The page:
Part of my ONGOING SERIES about just what distinguishes the classic monsters in my WORLD FAMOUS Monster Hierarchy from each other. The first part was about the Vampire, and it’s also got my thoughts about what an “Eigen League” is and why I think it’s meritorious to discuss this subject. Long story short: in a group of monsters like the kind on the hierarchy, my theory is that they sufficiently fulfill a necessary number of roles in the human consciousness with regards to horror.
This one is about Creatures in the sub-category, “from Lagoons and Such, Black or Otherwise.”
You know, I’ll bet the Creature from the Black Lagoon gets a lot of shit from the other monsters. I bet he’s like the Aquaman of the monster community, with Dracula always giving him lip about, “Oh, yeah, you’re real scary, Goonie [that is what Dracula calls him], I just hope no one stumbles a thousand miles into the Amazon and then goes underwater because then they’d be super-scared.” I’ll bet they only invite him to their monster mash because their moms feel bad for him.
But actually, the 1952 Creature from the Black Lagoon isn’t a completely terrible movie. I mean, it’s kind of terrible. It’s amazing to look back at movies like this and realize just how much we, as a species, have learned about making horror movies — how to score them, how to light them, how to frame a shot. Alfred Hitchcock had a lot to do with that, but I think John Carpenter deserves a lot of credit for it, too. I mean, there’s some cool stuff here — the part where Julie Adams is swimming along and the creature is swimming along underneath her, but she can’t see it, that should be a really eerie scene, it’s a great idea anyway. But all of the incidentals (music, lighting, cinematography) rob it of most of its power.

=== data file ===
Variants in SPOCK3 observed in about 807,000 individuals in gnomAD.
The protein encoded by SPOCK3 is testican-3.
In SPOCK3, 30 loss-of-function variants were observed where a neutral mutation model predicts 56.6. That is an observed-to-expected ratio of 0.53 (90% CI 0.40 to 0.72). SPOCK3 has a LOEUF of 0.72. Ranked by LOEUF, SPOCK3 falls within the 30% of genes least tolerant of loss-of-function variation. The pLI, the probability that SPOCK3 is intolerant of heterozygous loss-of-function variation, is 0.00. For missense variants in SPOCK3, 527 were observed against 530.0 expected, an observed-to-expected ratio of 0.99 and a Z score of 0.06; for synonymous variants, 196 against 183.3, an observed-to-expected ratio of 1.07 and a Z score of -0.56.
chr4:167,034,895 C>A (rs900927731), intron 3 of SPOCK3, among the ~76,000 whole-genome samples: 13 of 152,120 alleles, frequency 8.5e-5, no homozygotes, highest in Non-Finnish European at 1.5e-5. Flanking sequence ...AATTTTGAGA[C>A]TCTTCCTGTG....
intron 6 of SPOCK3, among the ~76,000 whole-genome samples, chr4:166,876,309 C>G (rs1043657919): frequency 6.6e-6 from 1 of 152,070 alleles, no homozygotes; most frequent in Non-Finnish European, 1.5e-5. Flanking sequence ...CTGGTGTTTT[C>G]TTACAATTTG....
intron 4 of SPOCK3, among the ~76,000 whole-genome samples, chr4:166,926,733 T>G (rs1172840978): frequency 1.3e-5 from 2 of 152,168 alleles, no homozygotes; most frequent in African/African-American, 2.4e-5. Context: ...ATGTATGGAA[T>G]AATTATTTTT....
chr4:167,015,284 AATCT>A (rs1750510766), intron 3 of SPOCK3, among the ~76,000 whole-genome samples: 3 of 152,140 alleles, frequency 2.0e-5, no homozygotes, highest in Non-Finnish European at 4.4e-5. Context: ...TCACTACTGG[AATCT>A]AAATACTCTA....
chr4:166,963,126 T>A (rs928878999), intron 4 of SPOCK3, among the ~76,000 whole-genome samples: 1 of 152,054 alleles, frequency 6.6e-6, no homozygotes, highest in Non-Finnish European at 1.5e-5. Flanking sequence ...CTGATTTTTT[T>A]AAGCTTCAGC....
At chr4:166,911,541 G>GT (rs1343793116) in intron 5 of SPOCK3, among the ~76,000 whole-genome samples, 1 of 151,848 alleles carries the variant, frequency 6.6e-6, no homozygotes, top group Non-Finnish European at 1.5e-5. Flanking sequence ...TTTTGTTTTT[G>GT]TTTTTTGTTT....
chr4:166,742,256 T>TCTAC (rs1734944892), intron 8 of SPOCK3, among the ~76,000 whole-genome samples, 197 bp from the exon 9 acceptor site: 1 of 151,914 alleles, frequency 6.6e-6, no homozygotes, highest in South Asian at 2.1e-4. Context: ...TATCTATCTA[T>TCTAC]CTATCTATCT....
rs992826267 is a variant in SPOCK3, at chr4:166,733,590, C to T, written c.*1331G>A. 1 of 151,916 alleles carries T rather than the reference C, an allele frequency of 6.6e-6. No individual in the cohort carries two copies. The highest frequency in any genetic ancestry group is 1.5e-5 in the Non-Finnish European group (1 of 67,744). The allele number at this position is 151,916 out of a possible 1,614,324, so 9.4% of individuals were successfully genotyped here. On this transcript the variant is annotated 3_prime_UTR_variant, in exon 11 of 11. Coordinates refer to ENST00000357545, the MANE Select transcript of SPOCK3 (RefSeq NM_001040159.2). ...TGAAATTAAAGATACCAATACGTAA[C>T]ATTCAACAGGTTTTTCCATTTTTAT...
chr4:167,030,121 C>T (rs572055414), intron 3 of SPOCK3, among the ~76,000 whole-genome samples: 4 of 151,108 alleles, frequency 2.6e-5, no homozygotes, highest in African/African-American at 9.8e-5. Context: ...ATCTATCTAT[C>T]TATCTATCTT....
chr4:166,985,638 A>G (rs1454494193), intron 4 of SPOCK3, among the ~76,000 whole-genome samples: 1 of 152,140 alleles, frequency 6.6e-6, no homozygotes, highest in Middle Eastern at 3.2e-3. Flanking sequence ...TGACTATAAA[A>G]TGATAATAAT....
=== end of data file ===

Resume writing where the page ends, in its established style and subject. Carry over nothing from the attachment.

Anyway, Creature from the Black Lagoon has some decently-written dialogue, a kind of a neat theme about how we adapt to our environment (the one scientist has a monologue in the beginning where he talks about what it will be like if humans go into space, and how we’ll basically have to make them into mutants to survive on other planets, and won’t that be awesome?), the creature suit isn’t that bad (everyone says about how you can see the zipper, but I just watched it and I didn’t notice it), and Julie Adams is pretty good looking and wears a swimsuit most of the time. (I guess the dudes are pretty good-looking, too, if that’s your thing.)
It’s actually barely a horror movie, though. At the outside, it looks a little like the standard trapped in a PLACE with a THING story, except for the first half of the movie they aren’t even trapped. Actually, the Creature is trapped in its lagoon, while these crazy scientists chase him around with a harpoon gun, poison the water to get him out, &c. Dracula would be seriously unimpressed.
But there is a pretty neat idea here, that it’s clearly trying to get at, both with that scientist’s idea about humans in space, and with all of these underwater scenes, which were kind of unprecedented at the time.
Life on the Edge
You know, we don’t so much realize it now, but human beings have a pretty precarious spot in the ecosystem. We can thrive these days because we basically reorder everything around us to suit our needs, so we can go to the big city and get cheetohs when we’re hungry or something. I don’t know if you’ve ever been trapped on a deserted island before like I have, but there’s a special kind of terror when you realize that you’re stuck somewhere, right here on earth, and you just don’t know what the hell you’re supposed to do to survive. What are you going to eat? Where will you get water? How will you stay warm?